My good Lysander ! And, which is more than ail these boasts can be, I swear to thee, by Cupid's strongest bow; I am belov'd of beauteous Hermia :
By his best arrow with the golden head; Why should not I then prosecute my right? By the simplicity of Venus' doves; Demetrius, I'll avouch it to his head,
By that which knitteth souls, and prospers loves ; Made love to Nedar's daughter, Helena, And by that fire which burn'd the Carthage queen, And won her soul; and she, sweet lady, dotes, When the false Trojan under sail was seen; Devoutly dotes, dotes in idolatry,
By all the vows that ever men have broke,
In number more than ever women spoke ;
Lys. Keep promise, love: look, here comes My mind did lose it.-But, Demetrius, come ;
Helena. And come, Egeus; you shall with me,
Enter Helena. I have some private schooling for you both.For fair Hermia, look vou arm yourself Her. God speed fair Helena! Whither away? To fit your fancies to your father's will;
Hel. Call you me fair? that fair again unsay. Or else the law of Athens yield you up
Demetrius loves your fair: O happy fair! (Which by no means we may extenuate,) Your eyes are lode-stars ;6 and your tongue's sweet To death, or to a vow of single life.
air Come, my Hippolyta; what cheer, my love? More tuneable than lark to shepherd's ear, Demetrius, and Egeus, go along :
When wheat is green, when hawthorn buds appear. I must employ you in some business
Sickness is catching ; O were favouri so ! Against our nuptial; and confer with you Yours would I catch, fair Hermia, ere I go; Of something nearly that concerns yourselves. My ear should catch your voice, my eye your eye, Ege. With duty, and desire we follow you. My tongue shouldcatch your tongue's sweet melody.
(Exeunt Thes. Hip. Ege. Den and train. Were the world mine, Demetrius being bated, Lys. How now, my love? Why is your cheek | The rest I'll give to be to you translated. so pale?
0, teach me how you look'; and with what art How chance the roses there do fade so fast? You sway the motion of Demetrius' heart.
Her. Belike for want of rain ; which I could well Her. Í frown upon him, yet he loves me still. Beteem themfrom the tempest of mine eyes.
Hel. O, that your frowns would teach my smiles Lys. Ah me! for aught that ever I could read,
such skill! Could ever hear by tale or history,
Her. I give him curses, yet he gives me love. The course of true love never did run smooth: Hel. O, that my prayers could such affection But, either it was different in blood;
move! Her. O cross ! too high to be enthrall'd to low! Her. The more I hate, the more he follows me.
Hd. The more I love, the more he hateth me. (1) Ever. (2) Wicked. (3) Give, bestow. (4) Black. (5) Lovers. (6) Pole-stars.
Her. His folly, Helena, is no fault of mine. ble comedy, and most cruel death of Pyramus and Hel. None, but your beauty ; 'would that fault Thisby. were mine!
Bot. A very good piece of work, I assure you, Her. Take comfort; he no more shall see my and a merry.Now, good Peter Quince, call forth
your actors by the scroll : Masters, spread your. Lysander and myself will fly this place. selves. Before the time I did Lysander see,
Quin. Answer, as I call you.-Nick Bottom, Seemd Athens as a paradise to me:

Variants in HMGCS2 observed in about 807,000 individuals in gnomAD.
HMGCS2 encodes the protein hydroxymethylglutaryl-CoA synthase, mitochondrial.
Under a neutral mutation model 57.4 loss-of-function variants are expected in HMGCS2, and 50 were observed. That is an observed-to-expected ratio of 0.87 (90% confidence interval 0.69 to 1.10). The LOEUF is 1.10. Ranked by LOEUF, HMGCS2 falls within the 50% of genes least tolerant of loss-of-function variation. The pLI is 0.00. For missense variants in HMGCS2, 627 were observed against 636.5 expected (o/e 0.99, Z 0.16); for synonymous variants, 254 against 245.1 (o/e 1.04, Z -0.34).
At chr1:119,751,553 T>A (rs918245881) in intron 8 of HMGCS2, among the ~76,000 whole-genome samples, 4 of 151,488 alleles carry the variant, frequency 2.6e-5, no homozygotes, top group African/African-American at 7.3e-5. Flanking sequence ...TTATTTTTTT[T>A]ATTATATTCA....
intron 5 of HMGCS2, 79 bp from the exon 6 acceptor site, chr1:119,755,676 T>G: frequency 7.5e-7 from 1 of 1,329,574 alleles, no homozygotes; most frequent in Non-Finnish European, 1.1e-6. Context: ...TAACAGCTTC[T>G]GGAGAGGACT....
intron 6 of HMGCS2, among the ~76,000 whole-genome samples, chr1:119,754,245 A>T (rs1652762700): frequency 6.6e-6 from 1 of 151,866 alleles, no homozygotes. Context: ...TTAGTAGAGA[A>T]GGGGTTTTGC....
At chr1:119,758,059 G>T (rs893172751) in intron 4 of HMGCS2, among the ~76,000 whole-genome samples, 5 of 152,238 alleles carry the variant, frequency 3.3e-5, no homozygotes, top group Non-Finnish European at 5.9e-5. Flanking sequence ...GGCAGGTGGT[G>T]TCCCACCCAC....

the weaver. O then, what graces in my love do dwell,
But. Ready : name what part I am for, and proThat he hath turn'd a heaven unto hell !
ceed. Lys. Helen, to you our minds we will unfold : Quin. You, Nick Bottom, are set down for PyraTo-morrow night when Phæbe dot, behold Her silver visage in the wat'ry glass,
Bot. What is Pyramus? a lover, or a tyrant? Decking with liquid pearl the bladed grass Quin. A lover, that kills himself most gallantly (A time that lovers' flights doib still conceal,) for love. Through Athens' gates have we devis'd to steal. Bot. That will ask some tears in the true per
Her. And in the wood, where often you and I forming of it: If I do it, let the audience look to Upon faint primrose-beds were wont to lie, their eyes; I will move storms, I will condole in Emptying our bosoms of their counsel sweet: some measure. To the rest :-Yet my chief huThere my Ly sander and myself shall meet : mour is for a tyrant : I could play Ercles rarely, And thence, from Athens, turn away our eyes, or a part to tear a cat in, to make all split. To seek new friends and stranger companies.
." The raging rocks, Farewell, sweet playfellow ; pray thou for us,
“ With shivering shocks, And good luck grant thee thy Demetrius !
« Shall break the locks Keep word, Lysander: we must starve our sight
“ Of prison-gates : From lovers' food, till morrow deep midnight.
" And Phibbus' car (Exit Hermuia.
" Sball shine from far, Lys. I will, my Hermia.--Helena, adieu :
« And make and mar As you on him, Demetrius dote on you!
“ The foolish fates." [Éril Lysander. This was lofty-Now name the rest of the playHel. How happy some, o'er other some can be !ers. This is Ércles' vein ; a tyrant's vein ; a lover Through Athens I am thought as fair as she. is more condoling: But what of that? Demetrius thinks not so ; Quin. Francis Flute, the bellows-mender. He will not know what all but he do know.
Flu. Here, Peter Quince. And as he errs, doting on Hermia's eyes,
Quin. You must take Thisby on you. So I, admiring of his qualities,
Flu. What is Thisby? a wandering knight? Things base and vile, holding no quantity,
Quin. It is the lady that Pyramus must love. Love can transpose to form and dignity.
Flu. Nay, faith, let me not play a woman; I Love looks not with the eyes, but with the mind ; || have a beard coming. And therefore is winged Cupid painted blind : Quin. That's all one ; you shall play it in a Nor hath love's mind of any judgment taste; mask, and you may speak as small as you will. Wings, and no eyes, figure unheedy baste : Bot. An I may hide my face, let me play Thisby And therefore is love said to be a child, too : I'll speak in a monstrous little voice ;-ThisBecause in choice he is so oft beguild.
ne, Thisne,-Ah, Pyramus, my lover dear; thy As waggish boys in gamel themselves forswear, Thisby dear! and lady dear! So the boy love is perjur'd every where :